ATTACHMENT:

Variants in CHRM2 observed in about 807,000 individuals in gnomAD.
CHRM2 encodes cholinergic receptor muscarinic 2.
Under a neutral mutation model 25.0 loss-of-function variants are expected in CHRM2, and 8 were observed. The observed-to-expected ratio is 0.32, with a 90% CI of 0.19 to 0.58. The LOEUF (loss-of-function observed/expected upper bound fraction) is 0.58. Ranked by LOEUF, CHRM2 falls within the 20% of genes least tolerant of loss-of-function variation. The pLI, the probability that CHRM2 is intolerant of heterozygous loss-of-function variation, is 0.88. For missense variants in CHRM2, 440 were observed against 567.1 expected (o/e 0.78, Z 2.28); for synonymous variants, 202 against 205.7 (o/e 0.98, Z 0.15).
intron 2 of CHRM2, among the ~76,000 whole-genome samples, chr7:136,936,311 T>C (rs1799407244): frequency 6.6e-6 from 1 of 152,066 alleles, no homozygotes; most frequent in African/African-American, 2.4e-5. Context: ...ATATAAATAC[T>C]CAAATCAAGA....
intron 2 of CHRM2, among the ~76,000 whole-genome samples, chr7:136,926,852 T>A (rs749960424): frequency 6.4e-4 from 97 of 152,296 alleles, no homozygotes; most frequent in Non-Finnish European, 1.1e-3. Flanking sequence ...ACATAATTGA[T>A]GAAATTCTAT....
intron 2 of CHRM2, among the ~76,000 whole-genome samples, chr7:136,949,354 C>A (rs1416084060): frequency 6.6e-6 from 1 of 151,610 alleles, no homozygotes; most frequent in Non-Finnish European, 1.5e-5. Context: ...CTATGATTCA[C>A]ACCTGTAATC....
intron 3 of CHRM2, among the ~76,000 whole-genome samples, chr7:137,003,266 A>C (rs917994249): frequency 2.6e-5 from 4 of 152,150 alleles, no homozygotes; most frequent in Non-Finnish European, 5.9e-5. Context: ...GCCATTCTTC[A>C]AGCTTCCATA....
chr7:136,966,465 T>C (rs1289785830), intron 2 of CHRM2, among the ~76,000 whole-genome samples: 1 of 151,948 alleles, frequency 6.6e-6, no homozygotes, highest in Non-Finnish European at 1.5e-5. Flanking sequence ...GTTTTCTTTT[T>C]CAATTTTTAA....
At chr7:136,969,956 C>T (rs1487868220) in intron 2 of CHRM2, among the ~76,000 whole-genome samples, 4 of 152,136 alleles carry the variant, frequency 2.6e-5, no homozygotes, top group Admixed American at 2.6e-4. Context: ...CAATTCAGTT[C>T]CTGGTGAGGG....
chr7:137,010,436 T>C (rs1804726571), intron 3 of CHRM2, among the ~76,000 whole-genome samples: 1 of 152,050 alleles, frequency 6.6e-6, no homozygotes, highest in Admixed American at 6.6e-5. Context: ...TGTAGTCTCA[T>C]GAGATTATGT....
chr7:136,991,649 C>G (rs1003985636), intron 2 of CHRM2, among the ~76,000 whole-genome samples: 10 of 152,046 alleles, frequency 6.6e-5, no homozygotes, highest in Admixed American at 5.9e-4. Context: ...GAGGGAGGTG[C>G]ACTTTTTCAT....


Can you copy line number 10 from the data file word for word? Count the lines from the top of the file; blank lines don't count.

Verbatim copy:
chr7:137,010,436 T>C (rs1804726571), intron 3 of CHRM2, among the ~76,000 whole-genome samples: 1 of 152,050 alleles, frequency 6.6e-6, no homozygotes, highest in Admixed American at 6.6e-5. Context: ...TGTAGTCTCA[T>C]GAGATTATGT....